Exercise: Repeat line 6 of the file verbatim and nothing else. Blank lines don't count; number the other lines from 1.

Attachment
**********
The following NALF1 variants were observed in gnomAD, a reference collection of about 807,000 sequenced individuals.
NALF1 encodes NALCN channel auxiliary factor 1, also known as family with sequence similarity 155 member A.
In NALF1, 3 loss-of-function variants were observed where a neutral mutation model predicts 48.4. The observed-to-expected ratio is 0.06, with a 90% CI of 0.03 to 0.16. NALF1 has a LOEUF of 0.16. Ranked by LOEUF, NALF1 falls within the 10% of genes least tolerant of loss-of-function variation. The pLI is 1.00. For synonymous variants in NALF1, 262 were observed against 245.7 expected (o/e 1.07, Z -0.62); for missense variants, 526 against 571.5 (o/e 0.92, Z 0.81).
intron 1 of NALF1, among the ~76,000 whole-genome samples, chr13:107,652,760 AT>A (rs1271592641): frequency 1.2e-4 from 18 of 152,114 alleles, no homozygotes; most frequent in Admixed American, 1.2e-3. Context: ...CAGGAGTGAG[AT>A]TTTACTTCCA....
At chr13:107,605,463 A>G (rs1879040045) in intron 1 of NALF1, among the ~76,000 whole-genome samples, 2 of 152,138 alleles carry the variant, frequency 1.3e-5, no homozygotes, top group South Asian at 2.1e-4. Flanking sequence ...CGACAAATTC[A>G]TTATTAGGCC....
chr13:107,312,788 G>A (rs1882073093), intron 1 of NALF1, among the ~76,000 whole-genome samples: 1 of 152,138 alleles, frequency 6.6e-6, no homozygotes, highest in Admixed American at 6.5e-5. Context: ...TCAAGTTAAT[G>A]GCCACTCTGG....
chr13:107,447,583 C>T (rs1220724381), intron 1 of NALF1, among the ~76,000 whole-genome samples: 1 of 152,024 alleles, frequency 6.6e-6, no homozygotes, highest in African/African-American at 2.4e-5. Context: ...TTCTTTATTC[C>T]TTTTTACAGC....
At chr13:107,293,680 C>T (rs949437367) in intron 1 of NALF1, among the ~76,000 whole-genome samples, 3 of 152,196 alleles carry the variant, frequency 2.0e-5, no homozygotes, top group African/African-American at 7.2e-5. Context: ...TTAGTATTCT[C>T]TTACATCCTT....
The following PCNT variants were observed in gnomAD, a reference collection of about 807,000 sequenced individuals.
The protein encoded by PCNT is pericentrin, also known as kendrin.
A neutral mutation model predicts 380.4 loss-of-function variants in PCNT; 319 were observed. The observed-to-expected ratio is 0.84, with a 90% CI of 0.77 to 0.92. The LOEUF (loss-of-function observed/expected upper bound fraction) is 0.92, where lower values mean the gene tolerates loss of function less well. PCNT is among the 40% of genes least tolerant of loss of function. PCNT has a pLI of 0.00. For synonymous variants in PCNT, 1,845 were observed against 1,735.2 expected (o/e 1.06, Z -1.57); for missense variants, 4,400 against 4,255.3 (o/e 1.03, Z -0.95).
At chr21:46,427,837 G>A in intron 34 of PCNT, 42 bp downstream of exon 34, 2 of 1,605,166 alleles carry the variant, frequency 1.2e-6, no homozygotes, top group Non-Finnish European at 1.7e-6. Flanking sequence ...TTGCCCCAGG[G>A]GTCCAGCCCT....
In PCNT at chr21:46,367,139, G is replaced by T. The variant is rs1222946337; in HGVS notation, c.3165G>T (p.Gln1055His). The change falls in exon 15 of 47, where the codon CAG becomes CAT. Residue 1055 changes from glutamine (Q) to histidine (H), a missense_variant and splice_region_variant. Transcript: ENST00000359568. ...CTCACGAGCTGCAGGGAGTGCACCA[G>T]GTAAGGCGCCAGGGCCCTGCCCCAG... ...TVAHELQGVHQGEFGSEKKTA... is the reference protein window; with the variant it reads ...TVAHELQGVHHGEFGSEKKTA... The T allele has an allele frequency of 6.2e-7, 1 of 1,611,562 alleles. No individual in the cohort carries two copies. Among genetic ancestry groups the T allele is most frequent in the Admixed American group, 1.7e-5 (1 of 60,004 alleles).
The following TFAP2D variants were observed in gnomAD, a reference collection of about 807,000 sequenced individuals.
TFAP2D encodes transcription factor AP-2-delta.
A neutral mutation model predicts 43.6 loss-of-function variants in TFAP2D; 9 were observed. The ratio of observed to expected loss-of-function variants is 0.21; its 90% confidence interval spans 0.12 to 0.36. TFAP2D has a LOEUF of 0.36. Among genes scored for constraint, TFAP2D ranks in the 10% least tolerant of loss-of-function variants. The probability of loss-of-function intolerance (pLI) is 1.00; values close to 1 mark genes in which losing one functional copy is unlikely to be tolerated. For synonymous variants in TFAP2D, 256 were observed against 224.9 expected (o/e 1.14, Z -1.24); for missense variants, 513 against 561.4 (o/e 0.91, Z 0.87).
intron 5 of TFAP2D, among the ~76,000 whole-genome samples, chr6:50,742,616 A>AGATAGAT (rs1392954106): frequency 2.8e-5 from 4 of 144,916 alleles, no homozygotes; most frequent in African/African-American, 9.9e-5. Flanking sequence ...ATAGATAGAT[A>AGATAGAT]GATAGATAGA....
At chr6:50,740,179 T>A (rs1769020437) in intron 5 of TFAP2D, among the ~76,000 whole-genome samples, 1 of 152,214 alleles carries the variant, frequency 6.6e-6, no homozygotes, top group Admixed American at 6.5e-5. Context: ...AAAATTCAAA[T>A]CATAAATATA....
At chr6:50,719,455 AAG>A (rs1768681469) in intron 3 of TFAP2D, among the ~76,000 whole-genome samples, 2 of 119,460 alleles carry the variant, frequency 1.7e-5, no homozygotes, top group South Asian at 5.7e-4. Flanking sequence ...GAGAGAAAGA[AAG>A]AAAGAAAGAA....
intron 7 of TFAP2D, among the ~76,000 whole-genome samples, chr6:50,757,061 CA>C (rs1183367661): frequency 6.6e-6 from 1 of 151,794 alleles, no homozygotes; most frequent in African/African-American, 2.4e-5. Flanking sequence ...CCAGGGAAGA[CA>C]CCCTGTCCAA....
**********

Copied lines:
chr13:107,312,788 G>A (rs1882073093), intron 1 of NALF1, among the ~76,000 whole-genome samples: 1 of 152,138 alleles, frequency 6.6e-6, no homozygotes, highest in Admixed American at 6.5e-5. Context: ...TCAAGTTAAT[G>A]GCCACTCTGG....